"So, like I was saying, I only shop at ni... Hey, did you hear that noise?"

"Yeah, it's fine."

"You sure?"

"Yep. It's probably just the kids doing something extremely destructive in another part of the house. But tell me more about that new app you found that locates the nearest donut shop."

"Right, so it's called Tasty Tracker."

It's the time old cost of social interaction for those of us constantly watching children. You may have friends, but unless you want to fork over money for a babysitter and head out the door, you're going to end up staying home and paying in one or more of your worldly possessions. This is especially true for the parent who stays home. You're habitually the built-in babysitter for the other person's work, errands after work, or last minute social calls because you're already there. That doesn't really ease the blow when they get home though.

Before he got back, Husband hadn't been adequately prepared for the scenario. He walked and and looked unsettled. "Hey there. What's going on?"

I waved and smiled, hours of conversation having wiped the stress lines that inhabit the area between the bridge of my nose and my hairline away. "Hey, honey. This is my friend from college."

He nodded. "Nice to meet you. What are the kids doing?"

Shrugging, I pointed up the stairs. "Plaaaaying... I think."

I felt a small twinge of guilt, but that's the price of friend time, guilt and not knowing what the hell your kids have been doing. Screaming in a way which suggests someone has been stabbed hadn't occurred, so that was good. Although, the baby had brought me my toothbrush, deodorant, and leave-in conditioner, so, upon reflection, that should've been some sort of red flag.

His shoulders tensed and he headed upstairs. I continued my visit while I made dinner, served said dinner, and emotionally saw my guest back out the door. For the first time in weeks, I was happy.

"Um, why is all my stuff missing?"

Shit. Time to pay the piper.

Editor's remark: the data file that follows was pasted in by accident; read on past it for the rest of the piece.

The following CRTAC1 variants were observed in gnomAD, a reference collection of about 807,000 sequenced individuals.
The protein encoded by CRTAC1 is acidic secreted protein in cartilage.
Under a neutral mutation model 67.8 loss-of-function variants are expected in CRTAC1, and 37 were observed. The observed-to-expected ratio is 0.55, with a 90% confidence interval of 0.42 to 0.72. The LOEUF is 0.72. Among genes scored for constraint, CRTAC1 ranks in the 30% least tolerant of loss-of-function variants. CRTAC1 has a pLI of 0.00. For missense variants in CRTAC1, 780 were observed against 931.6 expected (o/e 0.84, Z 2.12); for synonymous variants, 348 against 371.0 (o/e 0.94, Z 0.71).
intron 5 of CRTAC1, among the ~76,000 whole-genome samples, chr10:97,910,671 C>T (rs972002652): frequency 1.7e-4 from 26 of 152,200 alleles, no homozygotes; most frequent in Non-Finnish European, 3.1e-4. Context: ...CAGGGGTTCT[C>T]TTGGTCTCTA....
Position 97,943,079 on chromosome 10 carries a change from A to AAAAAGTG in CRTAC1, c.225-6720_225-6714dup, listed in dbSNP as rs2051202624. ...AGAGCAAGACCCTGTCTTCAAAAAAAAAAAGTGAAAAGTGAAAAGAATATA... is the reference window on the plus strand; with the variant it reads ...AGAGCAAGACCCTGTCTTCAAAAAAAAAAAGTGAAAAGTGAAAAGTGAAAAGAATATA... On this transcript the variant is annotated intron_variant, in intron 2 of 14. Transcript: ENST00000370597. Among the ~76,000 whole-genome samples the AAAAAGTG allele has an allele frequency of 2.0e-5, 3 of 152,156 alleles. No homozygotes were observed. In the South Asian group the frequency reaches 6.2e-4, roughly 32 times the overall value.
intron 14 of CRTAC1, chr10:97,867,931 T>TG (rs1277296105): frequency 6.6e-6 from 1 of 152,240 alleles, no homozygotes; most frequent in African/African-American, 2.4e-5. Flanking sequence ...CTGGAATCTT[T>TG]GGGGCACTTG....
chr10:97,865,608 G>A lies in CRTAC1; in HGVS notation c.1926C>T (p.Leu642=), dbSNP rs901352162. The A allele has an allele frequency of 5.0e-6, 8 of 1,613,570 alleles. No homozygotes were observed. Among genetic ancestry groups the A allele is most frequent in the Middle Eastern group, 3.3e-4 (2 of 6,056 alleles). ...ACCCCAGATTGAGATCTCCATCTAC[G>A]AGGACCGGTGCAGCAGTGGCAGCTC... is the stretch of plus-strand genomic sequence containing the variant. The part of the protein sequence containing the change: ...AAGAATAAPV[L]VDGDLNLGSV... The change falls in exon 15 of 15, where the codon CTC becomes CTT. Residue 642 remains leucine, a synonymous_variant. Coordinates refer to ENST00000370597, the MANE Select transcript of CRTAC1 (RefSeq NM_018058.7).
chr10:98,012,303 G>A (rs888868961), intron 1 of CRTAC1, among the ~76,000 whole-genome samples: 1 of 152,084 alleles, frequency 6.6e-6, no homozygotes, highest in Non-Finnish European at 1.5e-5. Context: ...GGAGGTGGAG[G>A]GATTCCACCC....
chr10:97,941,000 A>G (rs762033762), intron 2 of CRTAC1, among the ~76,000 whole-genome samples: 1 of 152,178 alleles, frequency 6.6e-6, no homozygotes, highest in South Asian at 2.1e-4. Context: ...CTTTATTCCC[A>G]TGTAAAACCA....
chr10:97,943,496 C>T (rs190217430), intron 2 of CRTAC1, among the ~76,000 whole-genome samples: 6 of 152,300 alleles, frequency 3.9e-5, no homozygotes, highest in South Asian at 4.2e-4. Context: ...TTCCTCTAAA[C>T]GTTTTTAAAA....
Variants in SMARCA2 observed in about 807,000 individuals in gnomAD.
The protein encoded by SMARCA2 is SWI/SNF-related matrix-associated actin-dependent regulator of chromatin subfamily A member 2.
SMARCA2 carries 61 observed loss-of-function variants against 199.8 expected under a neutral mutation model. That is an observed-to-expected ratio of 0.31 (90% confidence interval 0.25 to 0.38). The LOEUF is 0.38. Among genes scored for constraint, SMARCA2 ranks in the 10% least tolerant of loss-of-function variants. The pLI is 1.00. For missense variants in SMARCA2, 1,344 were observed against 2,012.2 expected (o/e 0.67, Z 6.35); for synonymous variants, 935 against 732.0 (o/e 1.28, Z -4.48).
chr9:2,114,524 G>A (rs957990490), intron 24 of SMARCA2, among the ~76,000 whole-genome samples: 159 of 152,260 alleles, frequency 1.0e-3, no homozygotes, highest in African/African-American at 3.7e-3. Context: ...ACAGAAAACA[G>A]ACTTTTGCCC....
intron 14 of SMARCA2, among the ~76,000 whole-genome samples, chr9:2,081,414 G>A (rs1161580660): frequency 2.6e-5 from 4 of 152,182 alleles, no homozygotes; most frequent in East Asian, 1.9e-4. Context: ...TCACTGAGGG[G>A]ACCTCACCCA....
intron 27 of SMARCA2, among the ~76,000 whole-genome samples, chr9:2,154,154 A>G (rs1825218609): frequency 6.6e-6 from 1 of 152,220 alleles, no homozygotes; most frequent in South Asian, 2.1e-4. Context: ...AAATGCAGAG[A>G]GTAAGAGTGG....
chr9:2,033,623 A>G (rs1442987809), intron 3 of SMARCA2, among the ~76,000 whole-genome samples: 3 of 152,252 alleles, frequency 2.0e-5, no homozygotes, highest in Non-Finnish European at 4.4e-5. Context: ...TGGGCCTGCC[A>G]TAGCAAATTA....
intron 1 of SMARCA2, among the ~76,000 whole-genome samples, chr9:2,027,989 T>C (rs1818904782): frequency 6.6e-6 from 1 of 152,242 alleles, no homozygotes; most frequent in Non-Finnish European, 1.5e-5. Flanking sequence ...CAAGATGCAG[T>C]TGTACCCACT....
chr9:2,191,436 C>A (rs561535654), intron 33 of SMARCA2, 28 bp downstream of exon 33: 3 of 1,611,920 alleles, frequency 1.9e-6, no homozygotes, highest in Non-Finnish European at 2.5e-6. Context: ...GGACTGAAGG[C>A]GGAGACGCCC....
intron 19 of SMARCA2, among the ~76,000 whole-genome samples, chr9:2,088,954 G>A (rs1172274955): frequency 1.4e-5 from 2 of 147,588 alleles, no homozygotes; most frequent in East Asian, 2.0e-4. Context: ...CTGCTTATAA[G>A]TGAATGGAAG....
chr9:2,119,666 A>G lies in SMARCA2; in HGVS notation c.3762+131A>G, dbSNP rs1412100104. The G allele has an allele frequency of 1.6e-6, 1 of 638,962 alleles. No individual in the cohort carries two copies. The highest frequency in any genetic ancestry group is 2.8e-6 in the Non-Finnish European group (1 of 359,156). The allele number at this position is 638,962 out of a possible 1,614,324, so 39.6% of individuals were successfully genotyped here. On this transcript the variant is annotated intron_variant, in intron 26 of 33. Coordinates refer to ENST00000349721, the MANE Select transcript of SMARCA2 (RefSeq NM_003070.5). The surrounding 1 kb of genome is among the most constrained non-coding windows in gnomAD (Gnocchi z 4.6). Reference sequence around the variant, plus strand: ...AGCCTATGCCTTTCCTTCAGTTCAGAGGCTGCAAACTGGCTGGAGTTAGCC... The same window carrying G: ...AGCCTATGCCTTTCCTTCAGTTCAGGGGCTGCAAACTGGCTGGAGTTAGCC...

I looked away from the door and innocently back at Husband. "What stuff would that be?"

"My toothbrush, deodorant, shaving cream, toothpaste. Pretty much everything I keep in our bathroom."

"I might have all that stuff down here."

He sighed. "Were you watching them this afternoon?"

"More or less."

As it turns out, it was a little more than I thought. The baby had taken it upon himself to not only sneak in the bathroom, but flush some unknown objects down the toilet. A quick call to the plumber, seventy-five dollars later, and the additional news that water is also leaking into our garage from that same toilet, and we were back in business. (Sort of. More on that as it develops.)

So, would I do it again? Of course. I'll simply be locking my bedroom door next time. Moms have to find sanity somewhere. I just hope the total comes in under seventy-five dollars next time.

Until Next Time, Readers!

Like what you read here? Buy some Cankles
And if quick bathroom reads are your friend, grab The Big Book of Parenting Tweets: Featuring the Most Hilarious Parents on Twitter!
And now that I've awkwardly made you my friend, come hang out with me on:

Wednesday, June 10, 2015

Evening Out the Numbers

Just a friendly game of "Let's Paint, On the Fireplace."

Afternoon Readers,

I promise I'm not going to turn into a twice-a-year blogger, but the past few weeks have definitely been trending thus:

Be pregnant.
Feel fat.